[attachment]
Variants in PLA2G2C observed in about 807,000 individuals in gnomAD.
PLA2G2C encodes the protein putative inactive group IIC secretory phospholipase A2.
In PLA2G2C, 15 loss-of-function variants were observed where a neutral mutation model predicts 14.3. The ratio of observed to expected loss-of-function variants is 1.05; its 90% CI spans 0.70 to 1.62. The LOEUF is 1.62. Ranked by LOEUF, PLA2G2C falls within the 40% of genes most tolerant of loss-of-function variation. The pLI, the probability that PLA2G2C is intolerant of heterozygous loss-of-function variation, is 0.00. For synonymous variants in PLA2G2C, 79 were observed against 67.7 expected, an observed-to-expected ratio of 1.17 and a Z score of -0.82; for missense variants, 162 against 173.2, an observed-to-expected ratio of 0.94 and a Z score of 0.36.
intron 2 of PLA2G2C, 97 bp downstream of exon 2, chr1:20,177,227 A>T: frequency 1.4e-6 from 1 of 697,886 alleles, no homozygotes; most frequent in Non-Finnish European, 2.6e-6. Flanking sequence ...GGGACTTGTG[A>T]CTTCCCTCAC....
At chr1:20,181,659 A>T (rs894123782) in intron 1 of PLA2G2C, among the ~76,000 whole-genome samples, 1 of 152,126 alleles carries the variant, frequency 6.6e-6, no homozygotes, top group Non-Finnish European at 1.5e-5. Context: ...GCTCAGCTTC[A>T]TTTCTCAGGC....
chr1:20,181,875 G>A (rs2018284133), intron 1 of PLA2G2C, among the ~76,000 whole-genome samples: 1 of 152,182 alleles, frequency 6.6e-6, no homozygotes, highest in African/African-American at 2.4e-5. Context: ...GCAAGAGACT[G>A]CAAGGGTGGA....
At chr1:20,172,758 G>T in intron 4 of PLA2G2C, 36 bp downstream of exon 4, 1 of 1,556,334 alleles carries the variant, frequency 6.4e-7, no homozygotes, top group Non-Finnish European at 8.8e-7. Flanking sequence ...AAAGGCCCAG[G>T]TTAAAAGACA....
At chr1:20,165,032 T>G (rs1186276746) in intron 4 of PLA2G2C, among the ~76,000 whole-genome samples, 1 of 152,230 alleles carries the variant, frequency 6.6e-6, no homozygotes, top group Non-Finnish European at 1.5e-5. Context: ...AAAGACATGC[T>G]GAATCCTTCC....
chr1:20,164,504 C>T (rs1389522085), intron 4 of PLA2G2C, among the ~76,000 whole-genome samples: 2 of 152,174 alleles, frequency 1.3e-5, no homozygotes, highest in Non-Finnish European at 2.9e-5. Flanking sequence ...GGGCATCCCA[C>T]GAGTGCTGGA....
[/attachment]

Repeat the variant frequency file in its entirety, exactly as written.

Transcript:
Variants in PLA2G2C observed in about 807,000 individuals in gnomAD.
PLA2G2C encodes the protein putative inactive group IIC secretory phospholipase A2.
In PLA2G2C, 15 loss-of-function variants were observed where a neutral mutation model predicts 14.3. The ratio of observed to expected loss-of-function variants is 1.05; its 90% CI spans 0.70 to 1.62. The LOEUF is 1.62. Ranked by LOEUF, PLA2G2C falls within the 40% of genes most tolerant of loss-of-function variation. The pLI, the probability that PLA2G2C is intolerant of heterozygous loss-of-function variation, is 0.00. For synonymous variants in PLA2G2C, 79 were observed against 67.7 expected, an observed-to-expected ratio of 1.17 and a Z score of -0.82; for missense variants, 162 against 173.2, an observed-to-expected ratio of 0.94 and a Z score of 0.36.
intron 2 of PLA2G2C, 97 bp downstream of exon 2, chr1:20,177,227 A>T: frequency 1.4e-6 from 1 of 697,886 alleles, no homozygotes; most frequent in Non-Finnish European, 2.6e-6. Flanking sequence ...GGGACTTGTG[A>T]CTTCCCTCAC....
At chr1:20,181,659 A>T (rs894123782) in intron 1 of PLA2G2C, among the ~76,000 whole-genome samples, 1 of 152,126 alleles carries the variant, frequency 6.6e-6, no homozygotes, top group Non-Finnish European at 1.5e-5. Context: ...GCTCAGCTTC[A>T]TTTCTCAGGC....
chr1:20,181,875 G>A (rs2018284133), intron 1 of PLA2G2C, among the ~76,000 whole-genome samples: 1 of 152,182 alleles, frequency 6.6e-6, no homozygotes, highest in African/African-American at 2.4e-5. Context: ...GCAAGAGACT[G>A]CAAGGGTGGA....
At chr1:20,172,758 G>T in intron 4 of PLA2G2C, 36 bp downstream of exon 4, 1 of 1,556,334 alleles carries the variant, frequency 6.4e-7, no homozygotes, top group Non-Finnish European at 8.8e-7. Flanking sequence ...AAAGGCCCAG[G>T]TTAAAAGACA....
At chr1:20,165,032 T>G (rs1186276746) in intron 4 of PLA2G2C, among the ~76,000 whole-genome samples, 1 of 152,230 alleles carries the variant, frequency 6.6e-6, no homozygotes, top group Non-Finnish European at 1.5e-5. Context: ...AAAGACATGC[T>G]GAATCCTTCC....
chr1:20,164,504 C>T (rs1389522085), intron 4 of PLA2G2C, among the ~76,000 whole-genome samples: 2 of 152,174 alleles, frequency 1.3e-5, no homozygotes, highest in Non-Finnish European at 2.9e-5. Flanking sequence ...GGGCATCCCA[C>T]GAGTGCTGGA....